Monday, 13 December 2010

Wider Reading | Nation Shudders at Large Block of Uninterrupted Text

I stumbled across the following in the Onion what came out during the week of my birthday back in March – my very dear friend Coco picked up an actual copy from the actual streets of New York City as a present, and I re-skimmed through it this afternoon upon finding it in a pile of papers I intended to sort (they remain unsorted). I have decided to hang it on Silkworms' currently Wider Reading-dominated wall for two reasons: one, it provides a cautionary tale to bloggers everywhere worrying too much about their text-to-otherstuff ratio (and might, indeed, be read as a prescient pissing on Tumblr's bonfire); two, it offers an alternative entry-point into one of the more interesting conversations currently being had about WikiLeaks. Namely the fact that its relationship with the Guardian, Der Spiegel, the New York Times etc. points to a way in which Old Media can remain indispensable in the age of New Media – by taking New Media's massive block of uninterrupted, jargon-heavy text and breaking it down into edible anecdotes, elegantly written, accompanied by beautiful graphics and so on and so forth. 

For Old Media should be able to do this better than anybody else what with its, relatively speaking, massive teams of reasonably paid professional writers and designers. Course, it doesn't always. But it's something – particularly for an industry now depressingly used to being pelted with pessimistic predictions. I, for one, have never properly visited WikiLeaks (not that one can anymore). I've only ever explored Old Media's (the Guardian, basically) digestion of it. And WikiLeaks' only attempt at editorial – a couple years ago calling a video of American apache helicopters shooting at Iraqi civilians and killing, amongst others, two Reuters journalists, 'Collateral Murder', and subtitling it with an Orwell quotation, 'political language is designed to make lies sound truthful and murder respectable, and to give the appearance of solidity to pure wind' – was widely criticised for both undermining the point of the site and, to many minds, misrepresenting the situation depicted. Thus possibly proving that Old journalists still do the whole ACTUALLY TELLING THE TRUTHS, NOT JUST FINDING THEM better than New. Unless you're one of these people who thinks the Guardian is run by a group of radical Marxists intent on 'socialising' the Free World or something, in which case... Meh, whatever, here's the piece:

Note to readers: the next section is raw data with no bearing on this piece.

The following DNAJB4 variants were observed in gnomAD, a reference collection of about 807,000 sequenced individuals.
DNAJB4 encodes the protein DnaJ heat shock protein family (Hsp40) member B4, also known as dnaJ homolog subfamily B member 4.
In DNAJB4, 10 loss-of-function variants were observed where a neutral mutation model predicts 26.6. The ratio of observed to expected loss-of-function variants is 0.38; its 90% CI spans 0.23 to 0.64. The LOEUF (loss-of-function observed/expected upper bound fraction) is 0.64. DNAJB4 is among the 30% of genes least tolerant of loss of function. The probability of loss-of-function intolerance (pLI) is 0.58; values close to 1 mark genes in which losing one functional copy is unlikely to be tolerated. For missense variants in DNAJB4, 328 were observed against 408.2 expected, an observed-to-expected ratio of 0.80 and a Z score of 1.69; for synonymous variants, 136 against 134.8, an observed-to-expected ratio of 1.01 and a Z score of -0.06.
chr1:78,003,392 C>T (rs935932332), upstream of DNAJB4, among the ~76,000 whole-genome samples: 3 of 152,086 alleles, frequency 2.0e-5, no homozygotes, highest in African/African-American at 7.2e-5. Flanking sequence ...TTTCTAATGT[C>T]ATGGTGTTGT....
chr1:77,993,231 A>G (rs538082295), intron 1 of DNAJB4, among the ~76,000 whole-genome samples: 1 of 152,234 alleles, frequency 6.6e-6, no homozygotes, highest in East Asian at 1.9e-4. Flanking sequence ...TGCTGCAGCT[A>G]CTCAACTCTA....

WASHINGTON—Unable to rest their eyes on a colorful photograph or boldface heading that could be easily skimmed and forgotten about, Americans collectively recoiled Monday when confronted with a solid block of uninterrupted text.

Dumbfounded citizens from Maine to California gazed helplessly at the frightening chunk of print, unsure of what to do next. Without an illustration, chart, or embedded YouTube video to ease them in, millions were frozen in place, terrified by the sight of one long, unbroken string of English words.